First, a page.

Sunday, January 5, 2014

Sharing a Civil War Diary Anecdote about Corporal William "Frank" Dwyer of the 81st O.V.I., Co. "C" Buried at the Greenfield Cemetery

Returning to the Greenfield Cemetery once again to help us remember another Ohio Civil War veteran.  He was Corporal William "Frank" Dwyer of the 81st O.V.I., Company "C".

Thanking Scott Andersen who shares this interesting story and gravesite photographs he took during his last visit. 


"William "Frank" Dwyer is buried at the Greenfield Cemetery.  
During the Civil War he was a Corporal in Company C, 81st Ohio Volunteer Infantry, and served alongside my 3rd Great Uncle, Henry DePoy.  
Henry kept a diary of his service in the 81st, and here is an anecdote from that diary.  In November of 1861, the 81st O.V.I. was encamped near Hermann, Missouri, defending the area against Confederates and "Bushwackers": 
"Nov 30th, 1861, Heavy frost last night, this morning very cold, but we built a fire in my tent, and we are made quite comfortable,  Last evening, Frank Dwyer was Corporal of the guards, and one of the guards called for the Corporal, upon which Frank broke out and ran towards the guard,but ere he reached the place he tumbled  into a pit we had dug in the ground, which served as a slop barrel, it was at the time nearly full, it is about three feet deep, and he got greased almost all over, it also raised quite a laugh among the boys, Frank all made a laughing stock of took it all in good humor"
Frank Dwyer was born in Ohio in 1834, and died in 1904.  He was a farmer."


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Remembering Edward H. Miller, Greenfield Banker and Civil War Lieutenant Buried at the Greenfield Cemetery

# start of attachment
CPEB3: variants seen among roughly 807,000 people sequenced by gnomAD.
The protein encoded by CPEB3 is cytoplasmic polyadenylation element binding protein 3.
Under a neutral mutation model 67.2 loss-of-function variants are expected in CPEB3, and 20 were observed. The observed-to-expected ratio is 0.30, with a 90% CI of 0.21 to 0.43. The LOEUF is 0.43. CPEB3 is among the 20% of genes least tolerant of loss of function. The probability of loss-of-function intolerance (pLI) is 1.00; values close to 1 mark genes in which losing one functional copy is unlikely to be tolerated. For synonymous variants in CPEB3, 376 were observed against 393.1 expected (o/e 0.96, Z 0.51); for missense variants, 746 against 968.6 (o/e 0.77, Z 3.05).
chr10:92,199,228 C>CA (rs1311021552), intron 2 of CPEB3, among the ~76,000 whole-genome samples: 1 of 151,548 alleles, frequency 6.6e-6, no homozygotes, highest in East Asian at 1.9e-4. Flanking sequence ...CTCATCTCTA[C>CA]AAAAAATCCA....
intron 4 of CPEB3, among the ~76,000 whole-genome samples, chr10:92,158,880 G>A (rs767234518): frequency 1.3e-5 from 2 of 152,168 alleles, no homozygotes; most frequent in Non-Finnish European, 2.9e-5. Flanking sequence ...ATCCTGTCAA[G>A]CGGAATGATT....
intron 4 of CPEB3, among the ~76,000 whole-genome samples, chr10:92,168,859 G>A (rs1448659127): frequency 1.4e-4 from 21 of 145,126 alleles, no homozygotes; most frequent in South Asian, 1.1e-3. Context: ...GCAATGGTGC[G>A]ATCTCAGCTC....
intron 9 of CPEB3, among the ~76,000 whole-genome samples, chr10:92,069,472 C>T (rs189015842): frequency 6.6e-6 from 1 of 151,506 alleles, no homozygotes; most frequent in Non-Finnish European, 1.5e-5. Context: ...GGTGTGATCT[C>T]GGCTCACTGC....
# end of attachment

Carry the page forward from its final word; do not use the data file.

This weekend Scott Andersen also visited the gravesite of Lieutenant Edward H. Miller buried at the Greenfield Cemetery.  Scott shares some of his knowledge of the history of the life of this Civil War veteran and once prominent citizen of Greenfield, Ohio: 

"Edward H. Miller, 1838-1921, was a banker here in Greenfield.  During the Civil War Edward was a Lieutenant in the 73rd Ohio Volunteer Infantry.  During the 2nd Battle of Bull Run in August of 1862, he was wounded and listed as killed.  His father and Dr. Milton Dunlap traveled together to Washington to recover his body, and bring him back to Greenfield.  When they arrived there, they found him seriously wounded but alive, recovering in a hospital.   Edward would jokingly tell people for the rest of his life, "I was killed in the Battle of Bull Run". "
"Edward Miller is the Father in Law of my 1st Cousin 3 times removed."
"Edward's wife was Emma Gore 1840-1917, and her headstone is also visible in the photo."


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